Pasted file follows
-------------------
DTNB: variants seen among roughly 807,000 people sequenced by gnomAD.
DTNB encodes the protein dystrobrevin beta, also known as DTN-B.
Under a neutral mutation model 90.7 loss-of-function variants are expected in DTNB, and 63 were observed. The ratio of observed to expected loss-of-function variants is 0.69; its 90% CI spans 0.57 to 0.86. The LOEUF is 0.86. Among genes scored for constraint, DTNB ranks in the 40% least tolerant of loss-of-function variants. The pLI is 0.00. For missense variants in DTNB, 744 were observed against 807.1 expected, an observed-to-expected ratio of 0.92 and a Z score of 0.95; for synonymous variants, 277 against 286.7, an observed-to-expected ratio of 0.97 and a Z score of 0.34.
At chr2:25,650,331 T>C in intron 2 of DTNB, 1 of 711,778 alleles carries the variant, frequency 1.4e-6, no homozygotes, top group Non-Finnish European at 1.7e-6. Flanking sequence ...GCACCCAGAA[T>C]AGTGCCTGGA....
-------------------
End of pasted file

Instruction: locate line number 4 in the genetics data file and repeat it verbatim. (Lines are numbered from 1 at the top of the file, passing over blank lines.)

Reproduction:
At chr2:25,650,331 T>C in intron 2 of DTNB, 1 of 711,778 alleles carries the variant, frequency 1.4e-6, no homozygotes, top group Non-Finnish European at 1.7e-6. Flanking sequence ...GCACCCAGAA[T>C]AGTGCCTGGA....